Cheating bosses to be named
Employee Management Articles
Submit Articles Back to Articles
30 September 2010 - BIS
Employers who deliberately flout minimum wage laws will be publicly named
under a new scheme announced by Employment Relations Minister Edward Davey
Cases where employers breach the rules are to be publicised by the Department
for Business, Innovation and Skills (BIS) from 1 January 2011 - giving them
three months to 'put their house in order'.
The new sanction was announced
as the new rates for the National Minimum Wage come into effect. They are:
· £5.93 per hour for low paid workers aged 21 and over, increased
from £5.80 and with the adult rate coming into effect at 21 rather than the
· £4.92 per hour for 18-20 year olds, increased from £4.83; and
· £3.64 per hour for 16-17 year olds, increased from £3.57.
For the first time there is also an apprentice minimum wage of £2.50 per
hour. The new rate applies to those apprentices who are under 19 or those
that are aged 19 and over but in the first year of their apprenticeship. All
other apprentices are entitled to the standard minimum wage rate for their age
Employment Relations Minister Edward Davey said:
“Bad publicity can be a powerful weapon in the fight against employers who
try to cheat their workers and their competitors. Their reputation can be
badly damaged if they are seen to be flouting the law.
“Responsible employers should also make themselves aware of the new rates
that come into effect (1 October). The increases to the National
Minimum Wage this year are appropriate for the economic climate. They will
strike a balance between helping the lowest paid whilst at the same time not
jeopardising their employment.
“The Low Pay Commission estimates that around 970,000 people stand to
benefit from these increases. “
The new rates come in as Her Majesty’s Revenue and Customs (HMRC) and BIS
publish their National Minimum Wage Annual Report for 2009/10. It reveals HMRC
identified over £4.4 million in arrears for over 19,000 workers. The average
arrears per worker for the year were £228, which is 18% higher than the
previous year (£193 for 2008/9).
Regulations cracking down on rogue operators in the modelling and
entertainment sector - banning up-front fees for aspiring models and
significantly tightening the conditions attached to them elsewhere -
also come into force today (1 October).
They are part of the Conduct of Employment Agencies and Employment
Businesses (Amendment) Regulations 2010. Taken in the round this legislation
reduces overall regulatory burdens by eliminating unnecessary suitability
checks when workers are placed in permanent posts – except when the work
involves vulnerable people.
1. The Low Pay Commission was established following the National Minimum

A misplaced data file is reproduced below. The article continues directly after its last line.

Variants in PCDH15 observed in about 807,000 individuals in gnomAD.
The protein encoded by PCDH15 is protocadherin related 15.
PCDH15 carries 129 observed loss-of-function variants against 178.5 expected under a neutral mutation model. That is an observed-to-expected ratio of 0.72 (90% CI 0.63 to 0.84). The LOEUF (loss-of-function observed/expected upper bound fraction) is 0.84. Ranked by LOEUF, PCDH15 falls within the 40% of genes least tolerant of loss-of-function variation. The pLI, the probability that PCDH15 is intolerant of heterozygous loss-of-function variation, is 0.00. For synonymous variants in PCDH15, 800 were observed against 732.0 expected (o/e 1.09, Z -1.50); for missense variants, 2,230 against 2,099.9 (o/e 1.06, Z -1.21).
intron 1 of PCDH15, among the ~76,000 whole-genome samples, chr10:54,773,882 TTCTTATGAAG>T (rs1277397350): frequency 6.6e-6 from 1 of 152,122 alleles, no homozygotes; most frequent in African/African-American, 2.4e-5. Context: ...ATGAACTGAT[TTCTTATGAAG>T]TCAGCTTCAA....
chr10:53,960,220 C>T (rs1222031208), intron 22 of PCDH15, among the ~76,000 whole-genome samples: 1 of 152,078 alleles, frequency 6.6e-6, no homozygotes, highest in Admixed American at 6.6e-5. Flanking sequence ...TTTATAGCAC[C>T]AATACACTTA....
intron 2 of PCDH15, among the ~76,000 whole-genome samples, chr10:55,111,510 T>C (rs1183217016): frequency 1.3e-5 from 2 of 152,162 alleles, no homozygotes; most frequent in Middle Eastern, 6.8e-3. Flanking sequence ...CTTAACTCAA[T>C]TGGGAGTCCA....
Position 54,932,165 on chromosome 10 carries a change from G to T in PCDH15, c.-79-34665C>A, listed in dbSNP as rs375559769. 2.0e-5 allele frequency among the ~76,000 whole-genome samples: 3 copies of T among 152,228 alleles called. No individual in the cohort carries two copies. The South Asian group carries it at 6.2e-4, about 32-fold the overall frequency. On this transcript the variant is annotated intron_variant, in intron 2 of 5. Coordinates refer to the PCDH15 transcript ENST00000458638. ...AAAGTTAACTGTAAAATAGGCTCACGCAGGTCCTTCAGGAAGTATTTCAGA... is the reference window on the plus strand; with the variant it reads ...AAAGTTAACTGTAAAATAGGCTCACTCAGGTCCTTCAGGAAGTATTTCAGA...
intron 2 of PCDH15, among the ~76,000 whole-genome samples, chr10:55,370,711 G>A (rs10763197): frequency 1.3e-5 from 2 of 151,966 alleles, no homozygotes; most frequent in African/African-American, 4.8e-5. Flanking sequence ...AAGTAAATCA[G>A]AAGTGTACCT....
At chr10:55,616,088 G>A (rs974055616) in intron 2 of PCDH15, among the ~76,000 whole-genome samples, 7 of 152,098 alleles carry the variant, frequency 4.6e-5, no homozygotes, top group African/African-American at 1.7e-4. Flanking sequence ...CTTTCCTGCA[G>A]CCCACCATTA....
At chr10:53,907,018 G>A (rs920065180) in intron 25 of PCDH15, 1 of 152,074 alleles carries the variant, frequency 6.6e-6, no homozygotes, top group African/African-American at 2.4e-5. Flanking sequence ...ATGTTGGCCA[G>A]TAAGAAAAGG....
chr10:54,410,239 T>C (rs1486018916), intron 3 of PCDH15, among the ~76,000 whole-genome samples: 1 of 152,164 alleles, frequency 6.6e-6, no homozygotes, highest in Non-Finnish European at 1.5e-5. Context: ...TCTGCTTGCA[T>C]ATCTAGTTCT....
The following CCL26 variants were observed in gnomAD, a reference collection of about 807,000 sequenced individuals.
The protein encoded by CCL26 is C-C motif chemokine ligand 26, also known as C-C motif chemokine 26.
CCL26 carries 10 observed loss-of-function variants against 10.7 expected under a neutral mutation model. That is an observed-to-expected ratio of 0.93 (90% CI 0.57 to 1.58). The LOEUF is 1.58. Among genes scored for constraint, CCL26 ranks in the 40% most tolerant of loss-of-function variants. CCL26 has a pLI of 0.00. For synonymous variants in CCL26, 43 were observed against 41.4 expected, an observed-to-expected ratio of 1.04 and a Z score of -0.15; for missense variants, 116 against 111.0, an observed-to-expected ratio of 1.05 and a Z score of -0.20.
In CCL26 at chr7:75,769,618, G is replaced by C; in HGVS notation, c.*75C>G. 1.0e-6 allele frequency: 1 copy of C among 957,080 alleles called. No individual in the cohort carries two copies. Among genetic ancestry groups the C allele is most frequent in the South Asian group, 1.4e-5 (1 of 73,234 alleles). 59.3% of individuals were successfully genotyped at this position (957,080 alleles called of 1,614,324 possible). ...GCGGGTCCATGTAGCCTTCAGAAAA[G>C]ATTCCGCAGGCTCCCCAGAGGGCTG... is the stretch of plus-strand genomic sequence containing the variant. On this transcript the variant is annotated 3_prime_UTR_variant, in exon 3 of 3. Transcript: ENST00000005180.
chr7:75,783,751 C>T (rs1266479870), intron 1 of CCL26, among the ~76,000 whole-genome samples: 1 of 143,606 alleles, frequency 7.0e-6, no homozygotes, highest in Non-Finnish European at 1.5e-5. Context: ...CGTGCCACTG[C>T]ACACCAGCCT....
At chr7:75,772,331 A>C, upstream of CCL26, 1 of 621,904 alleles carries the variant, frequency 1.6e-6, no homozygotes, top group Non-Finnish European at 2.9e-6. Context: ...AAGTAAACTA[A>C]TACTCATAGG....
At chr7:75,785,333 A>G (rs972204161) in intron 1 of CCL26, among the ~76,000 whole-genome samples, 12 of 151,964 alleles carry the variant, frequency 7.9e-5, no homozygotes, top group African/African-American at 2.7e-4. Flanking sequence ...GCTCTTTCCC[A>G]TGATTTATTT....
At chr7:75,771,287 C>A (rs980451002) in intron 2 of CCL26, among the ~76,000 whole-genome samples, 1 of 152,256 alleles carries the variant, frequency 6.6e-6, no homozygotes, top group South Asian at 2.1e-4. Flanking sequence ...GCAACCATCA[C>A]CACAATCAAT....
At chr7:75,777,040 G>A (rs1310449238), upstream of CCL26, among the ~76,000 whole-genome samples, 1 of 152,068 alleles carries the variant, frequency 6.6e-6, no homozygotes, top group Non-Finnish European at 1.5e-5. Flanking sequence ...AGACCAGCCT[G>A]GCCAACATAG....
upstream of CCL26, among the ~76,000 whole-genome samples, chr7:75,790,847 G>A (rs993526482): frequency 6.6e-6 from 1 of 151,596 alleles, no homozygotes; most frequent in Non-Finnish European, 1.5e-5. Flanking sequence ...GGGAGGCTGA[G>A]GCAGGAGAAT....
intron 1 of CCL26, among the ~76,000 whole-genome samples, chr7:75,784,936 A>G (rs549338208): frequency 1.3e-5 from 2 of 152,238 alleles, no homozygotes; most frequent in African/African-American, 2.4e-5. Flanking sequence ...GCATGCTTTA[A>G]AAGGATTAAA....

Wage Act 1998 to advise the Government about the National Minimum Wage.
Commissioners have backgrounds in business, trades unions and academic labour
relations. For more details, and copies of the full report, see
2. The Low Pay Commission's 2009 report recommended that information should
be available on employers who have shown wilful disregard for minimum wage
3. When the minimum wage was launched in 1999, the main rate was £3.60.
4. The accommodation offset will rise from £4.51 per day to £4.61.
5. The Pay and Work Rights helpline number is 0800 917 2368. As well as
receiving and investigating complaints about non-payment of the minimum wage,
the helpline offers advice and information in more than 100 languages.
6. The National Minimum Wage Annual Report for 2009/10 can be found here:
7. The Employment Agency Standards inspectorate is responsible for
enforcing the Conduct of Employment Agency and Employment Business
Regulations, carrying out inspections and responding to complaints. More
information is available at:
8. The Conduct of Employment Agencies and Employment Businesses (Amendment)
Regulations 2010 ban outright the practice of charging up-front fees to
would-be models. The absolute ban will not extend to the placement of other
entertainers, such as actors, musicians and extras. The risk of abuse is
significantly lower in those sectors, and a ban would have a disproportionate
effect on perfectly legitimate businesses. However, the amendments will extend
the current seven-day cooling off period to 30 days for this group, which will
also benefit from increased rights on cancellations and refunds over the
About the Author
© Crown Copyright. Material taken from the BIS Department
for Business, Innovation and Skills. Reproduced under the terms and conditions
of the Click-Use Licence.
Follow us @Scopulus_News
Article Published/Sorted/Amended on Scopulus 2010-10-01 15:47:56 in Employee Articles